As the country nears the end of an another week of violence that has again propelled issues of race and justice to the forefront, educators are grappling with how to make sure schools are “culturally responsive.”
Last week, Alton Sterling, of Baton Rouge, Louisiana, and Philando Castile, of St. Paul, Minnesota, both black men, were killed by police officers. At the heels of those shootings was another in Dallas, Texas, where multiple police officers were killed or wounded.
But Jamyce Banks, an Indianapolis consultant who’s worked with districts across the state on how schools should tackle conversations about race and culture, said educators shouldn’t wait for a crisis.
“Culture encompasses many things other than race, and we don’t have conversations until there is a conflict,” said Banks, the founder and CEO of the Whatever It Takes consulting firm. “When the house is burning down, pouring water on it is nice, but the house is still burning.”
Banks, along with Nathaniel Turner, author of “Raising Supaman” and Brandon Cosby, the executive director of the Flanner House community organization, will be speaking on a panel about culturally responsive schools at the Indiana Black Expo’s education conference next week.
But when crises do happen, kids need to talk about them. The students turning up for class at the summer academy run by 100 Black Men of Indianapolis at IPS School 74 on the near eastside were full of questions today that they wanted answered. Their teachers tried to respond as well as they could.
“We have to meet their most basic needs before we can educate them,” said Jagga Rent, the director of the summer academy and dean of students at Hamilton Southeastern High School. “These events affect them emotionally.”
The topic of the academy’s usual Friday meeting this morning was very timely, Rent said. It was about effective communication.
“We talked about when you’re angry, how to communicate and how to do that effectively,” Rent said. “It’s important to know how when you’re angry and you don’t communicate effectively, bad things happen.”
But anger was only one of the thing students were feeling today.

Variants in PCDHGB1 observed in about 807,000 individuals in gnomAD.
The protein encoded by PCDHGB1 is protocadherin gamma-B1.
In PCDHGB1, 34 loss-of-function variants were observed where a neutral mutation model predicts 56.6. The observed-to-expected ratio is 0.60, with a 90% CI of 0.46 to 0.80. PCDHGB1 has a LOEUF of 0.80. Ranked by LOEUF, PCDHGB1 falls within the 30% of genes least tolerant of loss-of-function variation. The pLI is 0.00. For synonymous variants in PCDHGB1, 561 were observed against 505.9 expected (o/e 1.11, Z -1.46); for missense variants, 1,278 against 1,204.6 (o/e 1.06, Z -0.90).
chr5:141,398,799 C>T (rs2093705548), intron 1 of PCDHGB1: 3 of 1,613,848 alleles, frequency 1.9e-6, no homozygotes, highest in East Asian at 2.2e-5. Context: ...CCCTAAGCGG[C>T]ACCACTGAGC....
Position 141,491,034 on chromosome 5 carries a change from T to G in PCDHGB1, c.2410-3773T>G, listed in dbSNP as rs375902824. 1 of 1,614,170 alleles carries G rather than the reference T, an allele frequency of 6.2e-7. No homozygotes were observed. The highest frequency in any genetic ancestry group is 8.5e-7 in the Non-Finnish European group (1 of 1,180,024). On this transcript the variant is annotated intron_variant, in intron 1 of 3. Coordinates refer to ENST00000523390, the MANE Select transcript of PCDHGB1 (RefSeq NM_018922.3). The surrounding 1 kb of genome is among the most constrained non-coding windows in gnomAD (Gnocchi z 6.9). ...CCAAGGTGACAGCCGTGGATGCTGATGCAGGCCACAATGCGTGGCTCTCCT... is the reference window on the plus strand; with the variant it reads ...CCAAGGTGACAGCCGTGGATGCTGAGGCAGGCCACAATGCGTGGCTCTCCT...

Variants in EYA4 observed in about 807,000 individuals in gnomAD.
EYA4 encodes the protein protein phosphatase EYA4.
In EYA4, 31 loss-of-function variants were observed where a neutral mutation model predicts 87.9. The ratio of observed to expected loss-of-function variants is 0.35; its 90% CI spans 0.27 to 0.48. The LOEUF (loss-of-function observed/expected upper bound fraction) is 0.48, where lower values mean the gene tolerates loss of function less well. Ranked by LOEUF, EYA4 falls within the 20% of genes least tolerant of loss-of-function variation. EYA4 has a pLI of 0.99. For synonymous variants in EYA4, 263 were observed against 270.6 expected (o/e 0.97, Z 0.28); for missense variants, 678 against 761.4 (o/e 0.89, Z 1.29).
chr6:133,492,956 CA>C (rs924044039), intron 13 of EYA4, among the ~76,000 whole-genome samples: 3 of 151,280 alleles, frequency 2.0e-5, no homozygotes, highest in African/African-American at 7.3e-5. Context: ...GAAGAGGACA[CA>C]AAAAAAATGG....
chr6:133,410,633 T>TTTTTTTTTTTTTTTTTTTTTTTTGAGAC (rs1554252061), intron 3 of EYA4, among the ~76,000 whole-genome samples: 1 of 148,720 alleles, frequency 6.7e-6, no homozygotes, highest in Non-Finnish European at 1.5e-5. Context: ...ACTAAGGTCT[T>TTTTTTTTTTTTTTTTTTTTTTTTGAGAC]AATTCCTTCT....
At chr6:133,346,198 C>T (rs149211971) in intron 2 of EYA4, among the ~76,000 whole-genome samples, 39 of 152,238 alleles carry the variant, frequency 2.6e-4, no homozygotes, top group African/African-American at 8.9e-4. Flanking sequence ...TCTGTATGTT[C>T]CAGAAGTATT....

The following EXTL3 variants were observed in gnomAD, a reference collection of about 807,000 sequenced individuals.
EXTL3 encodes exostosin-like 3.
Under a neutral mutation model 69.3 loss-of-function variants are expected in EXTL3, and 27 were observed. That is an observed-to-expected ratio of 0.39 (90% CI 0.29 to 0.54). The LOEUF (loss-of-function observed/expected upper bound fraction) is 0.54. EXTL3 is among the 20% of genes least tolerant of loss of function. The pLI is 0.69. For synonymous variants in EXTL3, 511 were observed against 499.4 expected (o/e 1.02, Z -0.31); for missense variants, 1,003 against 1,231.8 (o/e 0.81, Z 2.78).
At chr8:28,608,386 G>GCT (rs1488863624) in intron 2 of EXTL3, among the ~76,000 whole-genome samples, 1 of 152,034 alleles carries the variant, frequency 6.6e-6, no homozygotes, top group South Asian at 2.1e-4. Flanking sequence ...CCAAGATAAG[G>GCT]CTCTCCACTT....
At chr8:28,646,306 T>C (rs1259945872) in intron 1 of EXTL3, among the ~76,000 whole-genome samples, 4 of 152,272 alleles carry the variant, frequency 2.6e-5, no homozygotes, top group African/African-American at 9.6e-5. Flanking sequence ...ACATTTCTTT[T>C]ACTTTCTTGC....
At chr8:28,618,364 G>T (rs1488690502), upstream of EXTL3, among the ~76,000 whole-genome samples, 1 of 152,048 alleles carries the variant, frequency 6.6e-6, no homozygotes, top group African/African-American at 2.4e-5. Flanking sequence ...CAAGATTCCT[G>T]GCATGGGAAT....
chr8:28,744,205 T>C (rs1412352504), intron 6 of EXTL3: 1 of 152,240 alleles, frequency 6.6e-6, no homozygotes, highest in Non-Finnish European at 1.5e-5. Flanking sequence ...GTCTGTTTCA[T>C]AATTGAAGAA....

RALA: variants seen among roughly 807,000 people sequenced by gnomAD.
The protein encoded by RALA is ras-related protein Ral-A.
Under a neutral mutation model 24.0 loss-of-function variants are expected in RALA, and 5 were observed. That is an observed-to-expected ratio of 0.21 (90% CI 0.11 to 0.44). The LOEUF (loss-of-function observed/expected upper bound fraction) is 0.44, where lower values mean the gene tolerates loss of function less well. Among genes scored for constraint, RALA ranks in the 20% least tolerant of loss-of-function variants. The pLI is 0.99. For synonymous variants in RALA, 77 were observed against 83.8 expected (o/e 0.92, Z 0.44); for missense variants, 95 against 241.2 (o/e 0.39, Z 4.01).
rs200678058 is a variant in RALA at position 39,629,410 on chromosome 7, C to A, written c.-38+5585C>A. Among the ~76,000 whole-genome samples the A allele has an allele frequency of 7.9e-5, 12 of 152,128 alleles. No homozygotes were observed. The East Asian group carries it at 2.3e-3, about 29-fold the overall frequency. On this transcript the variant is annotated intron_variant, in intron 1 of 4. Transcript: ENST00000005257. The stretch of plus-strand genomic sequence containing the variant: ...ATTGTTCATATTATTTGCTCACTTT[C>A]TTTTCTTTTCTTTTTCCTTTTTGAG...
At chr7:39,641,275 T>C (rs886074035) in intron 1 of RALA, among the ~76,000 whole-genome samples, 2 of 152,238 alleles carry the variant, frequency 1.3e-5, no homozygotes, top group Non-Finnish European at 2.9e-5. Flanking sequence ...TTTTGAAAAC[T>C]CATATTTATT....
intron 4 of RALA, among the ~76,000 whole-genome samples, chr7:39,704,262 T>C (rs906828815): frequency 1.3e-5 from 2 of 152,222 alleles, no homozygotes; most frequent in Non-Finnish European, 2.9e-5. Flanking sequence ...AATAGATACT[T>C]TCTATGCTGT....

“I’m disgusted and upset, but overall I’m kind of frightened,” said Aeriyae Johnson, who will be a 10th-grader at Fishers High School this fall. “I have three little brothers and they are asking all these questions and we don’t have answers.”
Rent emphasized the importance of educators allowing students to express themselves and to share how they’re feeling. This sentiment was echoed by Kendale Adams, an Indianapolis Metropolitan Police Department officer and member of 100 Black Men of Indianapolis who works with the academy.
“Let’s put the textbook down. Put the curriculum down and just talk,” Adams said. “Let kids express themselves. Give kids that option.”
Johnson said in her experience during the school year, many of her teachers are “careful” about what they say, but that isn’t what she wanted from the adults and educators in charge of guiding her.
“We need security. And not like security guards, but a safe space to know we can express ourselves safely and not offend anyone,” Johnson said.
Her friend, Zanobia Young, who will be a 10th-grader at Providence Cristo Rey High School and also volunteers at the academy, said many of her friends didn’t feel like they could express themselves or do anything about the situation.
“We all have different emotions. The black boys at my school especially get mad,” Young said. “I feel upset and frustrated, there’s nothing we can do about it. I don’t think we’re going to get justice because we didn’t get justice for Trayvon Martin or Michael Brown.”
Schools play an important role in fostering conversations around race and culture, said Banks, who trains educators to more effectively address race in the classroom.
When Banks works with a school district — so far she’s worked with Lawrence and Wayne townships in Marion County, The New Teacher Project at Marian University, as well as mayor-sponsored charter schools and schools in northern Illinois — she starts by having everyone involved in the training take a “cultural intelligence assessment,” which encourages educators to reflect on their work and what they could do better.
To do that, Banks said, school and district leaders, as well as classroom teachers, need to have transparent conversations and realize their own limitations. Many teachers in Indianapolis classrooms have not had the same experiences as their students, regardless of race, she said.
In Indianapolis, most districts are gaining black, Hispanic and other minority students, while teachers remain mostly white. Teachers need to be prepared to talk about cultural differences with students throughout their lessons, she said, and some of that responsibility rests with teacher preparation programs to make sure educators are equipped to bridge cultural divides.
“It opens up neutral ground,” Banks said. “Generally speaking, if you say to people we’re going to do a diversity training … people become alarmed. Everyone is taking the assessment and everyone is looking at individual scores in the context of how do I become better at what I do, not about one particular situation or person.”
Turner, one of the panel member’s whose book includes letters he’s written his son throughout his life and parenting advice, said parents also shouldn’t necessarily wait for schools to tackle issues of race and violence.
“We can talk to kids until we are blue in the face, but kids watch us, kids learn from us,” Turner said. “I believe the impetus always has to be on parents and adults to set the benchmark for how children behave.”